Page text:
Effects of Mn Segregations on Intergranular Fracture in a Medium-Mn Low-Density Steel

Heechan Jung, Gunjick Lee, Minseo Koo, Hyejin Song, Won Seok Ko, Seok Su Sohn

Research output: Contribution to journalArticlepeer-review

3 Citations (Scopus)


Al-bearing medium-Mn low-density steels possess great potential in the automotive industry because of their excellent mechanical properties based on transformation-induced plasticity and low specific weight. Reducing the austenite stability against deformation-induced martensitic transformation enables a high strain-hardening capacity to be obtained; however, undesirably low stability often results in considerably reduced tensile ductility and brittle fracture. Herein, the brittle fracture that occurs with increasing annealing temperature for a Fe−0.3C–9Mn−5Al (wt%) steel is investigated in relation to Mn segregation at the phase boundaries between ferrite and austenite. The results demonstrate that annealing at 850 and 900 °C leads to ductile fractures with 72% and 95% tensile elongation, respectively, whereas only 25% elongation is achieved for the specimen annealed at 950 °C, exhibiting predominant intergranular facets. 3D atom probe tomography reveals that annealing at 950 °C promotes considerable Mn segregation at the ferrite/austenite phase boundaries with a peak composition of ≈19 at%, which is sufficient to reduce the boundary cohesion for intergranular fracture. Thermodynamic moving boundary simulation reveals that intercritical annealing is not a prerequisite for segregations; however, low-temperature and prolonged holding should be accompanied, such as the coiling procedures.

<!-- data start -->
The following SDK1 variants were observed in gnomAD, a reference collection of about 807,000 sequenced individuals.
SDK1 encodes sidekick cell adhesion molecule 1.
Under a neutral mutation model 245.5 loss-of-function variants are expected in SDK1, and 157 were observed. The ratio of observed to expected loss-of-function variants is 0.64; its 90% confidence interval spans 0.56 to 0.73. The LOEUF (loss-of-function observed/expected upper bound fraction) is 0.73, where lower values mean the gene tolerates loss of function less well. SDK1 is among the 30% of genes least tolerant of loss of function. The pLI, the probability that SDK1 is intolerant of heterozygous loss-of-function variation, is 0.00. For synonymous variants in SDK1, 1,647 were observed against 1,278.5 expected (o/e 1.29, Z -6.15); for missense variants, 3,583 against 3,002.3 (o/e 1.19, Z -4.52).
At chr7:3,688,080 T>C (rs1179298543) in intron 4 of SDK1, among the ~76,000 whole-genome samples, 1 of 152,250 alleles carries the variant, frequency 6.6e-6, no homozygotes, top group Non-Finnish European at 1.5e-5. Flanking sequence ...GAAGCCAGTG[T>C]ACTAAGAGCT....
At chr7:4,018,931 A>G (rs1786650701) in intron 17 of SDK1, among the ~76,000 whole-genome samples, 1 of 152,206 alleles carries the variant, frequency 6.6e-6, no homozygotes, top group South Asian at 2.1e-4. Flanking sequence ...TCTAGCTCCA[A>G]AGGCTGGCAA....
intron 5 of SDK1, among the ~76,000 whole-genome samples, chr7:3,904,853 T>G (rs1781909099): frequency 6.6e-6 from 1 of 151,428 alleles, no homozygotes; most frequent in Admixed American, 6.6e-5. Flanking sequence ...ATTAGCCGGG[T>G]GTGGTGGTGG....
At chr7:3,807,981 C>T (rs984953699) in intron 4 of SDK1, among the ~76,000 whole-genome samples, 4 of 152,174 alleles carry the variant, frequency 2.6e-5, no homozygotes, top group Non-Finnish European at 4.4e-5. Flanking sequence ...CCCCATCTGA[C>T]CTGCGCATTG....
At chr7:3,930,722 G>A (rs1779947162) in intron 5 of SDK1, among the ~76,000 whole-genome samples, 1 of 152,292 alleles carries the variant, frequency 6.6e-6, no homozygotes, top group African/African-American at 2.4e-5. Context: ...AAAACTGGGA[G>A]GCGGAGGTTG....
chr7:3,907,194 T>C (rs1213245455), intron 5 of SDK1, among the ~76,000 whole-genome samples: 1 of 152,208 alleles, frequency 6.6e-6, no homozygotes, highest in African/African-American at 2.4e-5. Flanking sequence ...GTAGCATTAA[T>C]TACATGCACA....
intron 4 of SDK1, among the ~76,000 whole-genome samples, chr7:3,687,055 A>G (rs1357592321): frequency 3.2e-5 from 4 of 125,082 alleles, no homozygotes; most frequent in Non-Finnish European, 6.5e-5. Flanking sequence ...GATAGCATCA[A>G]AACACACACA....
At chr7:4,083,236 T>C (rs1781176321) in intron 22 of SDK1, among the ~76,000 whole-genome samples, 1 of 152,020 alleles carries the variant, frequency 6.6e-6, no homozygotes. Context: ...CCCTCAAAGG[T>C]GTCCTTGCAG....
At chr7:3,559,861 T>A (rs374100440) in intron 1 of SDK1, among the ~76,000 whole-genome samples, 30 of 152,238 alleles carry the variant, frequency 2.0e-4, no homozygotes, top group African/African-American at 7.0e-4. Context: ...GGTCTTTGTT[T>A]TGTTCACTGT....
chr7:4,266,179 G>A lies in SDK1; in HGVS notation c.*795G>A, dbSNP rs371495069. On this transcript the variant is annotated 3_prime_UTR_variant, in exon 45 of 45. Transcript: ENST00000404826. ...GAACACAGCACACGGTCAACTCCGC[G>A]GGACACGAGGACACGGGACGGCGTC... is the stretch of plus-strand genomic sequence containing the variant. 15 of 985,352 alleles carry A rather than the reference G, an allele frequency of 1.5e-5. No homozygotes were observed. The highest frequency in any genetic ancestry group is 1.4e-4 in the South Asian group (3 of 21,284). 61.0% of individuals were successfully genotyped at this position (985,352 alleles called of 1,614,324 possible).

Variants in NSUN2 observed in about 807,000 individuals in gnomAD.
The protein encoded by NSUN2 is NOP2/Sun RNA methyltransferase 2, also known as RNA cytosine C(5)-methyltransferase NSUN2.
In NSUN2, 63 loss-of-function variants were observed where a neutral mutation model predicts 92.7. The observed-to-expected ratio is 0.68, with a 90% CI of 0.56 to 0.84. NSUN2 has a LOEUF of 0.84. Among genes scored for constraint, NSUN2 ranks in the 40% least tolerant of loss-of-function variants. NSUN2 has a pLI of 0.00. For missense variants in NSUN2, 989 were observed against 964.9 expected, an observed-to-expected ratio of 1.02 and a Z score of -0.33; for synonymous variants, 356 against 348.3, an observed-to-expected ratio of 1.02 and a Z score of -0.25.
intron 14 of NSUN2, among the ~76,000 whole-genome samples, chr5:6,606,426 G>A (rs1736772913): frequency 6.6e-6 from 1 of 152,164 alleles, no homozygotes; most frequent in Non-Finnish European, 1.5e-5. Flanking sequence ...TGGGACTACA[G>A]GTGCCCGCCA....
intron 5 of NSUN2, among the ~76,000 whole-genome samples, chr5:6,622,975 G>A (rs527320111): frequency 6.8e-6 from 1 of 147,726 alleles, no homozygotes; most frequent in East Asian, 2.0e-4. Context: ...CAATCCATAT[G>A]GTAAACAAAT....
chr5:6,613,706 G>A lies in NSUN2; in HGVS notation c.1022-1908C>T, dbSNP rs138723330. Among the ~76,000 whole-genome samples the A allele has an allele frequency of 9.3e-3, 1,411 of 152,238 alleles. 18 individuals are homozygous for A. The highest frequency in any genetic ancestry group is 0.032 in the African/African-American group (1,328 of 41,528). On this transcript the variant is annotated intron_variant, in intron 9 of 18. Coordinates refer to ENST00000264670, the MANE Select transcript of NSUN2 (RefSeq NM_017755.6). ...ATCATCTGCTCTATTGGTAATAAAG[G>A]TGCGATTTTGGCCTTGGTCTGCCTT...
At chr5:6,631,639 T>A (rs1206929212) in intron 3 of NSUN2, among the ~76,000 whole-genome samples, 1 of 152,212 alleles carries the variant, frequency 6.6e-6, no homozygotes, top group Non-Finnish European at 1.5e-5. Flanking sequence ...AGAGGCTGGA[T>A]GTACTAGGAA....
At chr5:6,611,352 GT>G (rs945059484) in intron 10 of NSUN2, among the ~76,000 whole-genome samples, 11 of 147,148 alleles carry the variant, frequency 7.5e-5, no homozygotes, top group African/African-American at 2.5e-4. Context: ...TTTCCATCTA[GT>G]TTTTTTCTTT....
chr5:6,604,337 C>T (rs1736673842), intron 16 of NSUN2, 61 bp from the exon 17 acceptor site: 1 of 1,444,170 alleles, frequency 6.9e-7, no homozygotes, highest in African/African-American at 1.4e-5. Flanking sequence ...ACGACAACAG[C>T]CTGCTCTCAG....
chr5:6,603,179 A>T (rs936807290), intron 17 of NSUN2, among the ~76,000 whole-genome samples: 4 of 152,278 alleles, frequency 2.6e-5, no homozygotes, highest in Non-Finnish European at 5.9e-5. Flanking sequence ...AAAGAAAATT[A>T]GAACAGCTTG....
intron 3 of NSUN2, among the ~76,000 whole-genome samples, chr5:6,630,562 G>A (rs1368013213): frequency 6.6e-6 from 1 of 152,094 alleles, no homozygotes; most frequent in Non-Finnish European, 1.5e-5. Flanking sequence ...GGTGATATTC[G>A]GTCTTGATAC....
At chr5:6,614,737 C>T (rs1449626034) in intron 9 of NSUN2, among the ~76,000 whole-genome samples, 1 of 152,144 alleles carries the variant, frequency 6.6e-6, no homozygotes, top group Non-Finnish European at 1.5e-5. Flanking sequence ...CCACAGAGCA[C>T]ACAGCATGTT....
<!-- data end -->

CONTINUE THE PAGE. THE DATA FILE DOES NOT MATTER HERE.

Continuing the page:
Original languageEnglish
Article number2200240
JournalSteel Research International
Issue number2
Publication statusPublished - 2023 Feb


  • atom probe tomography
  • intergranular fractures
  • low-density steels
  • segregations

ASJC Scopus subject areas

  • Condensed Matter Physics
  • Physical and Theoretical Chemistry
  • Metals and Alloys
  • Materials Chemistry


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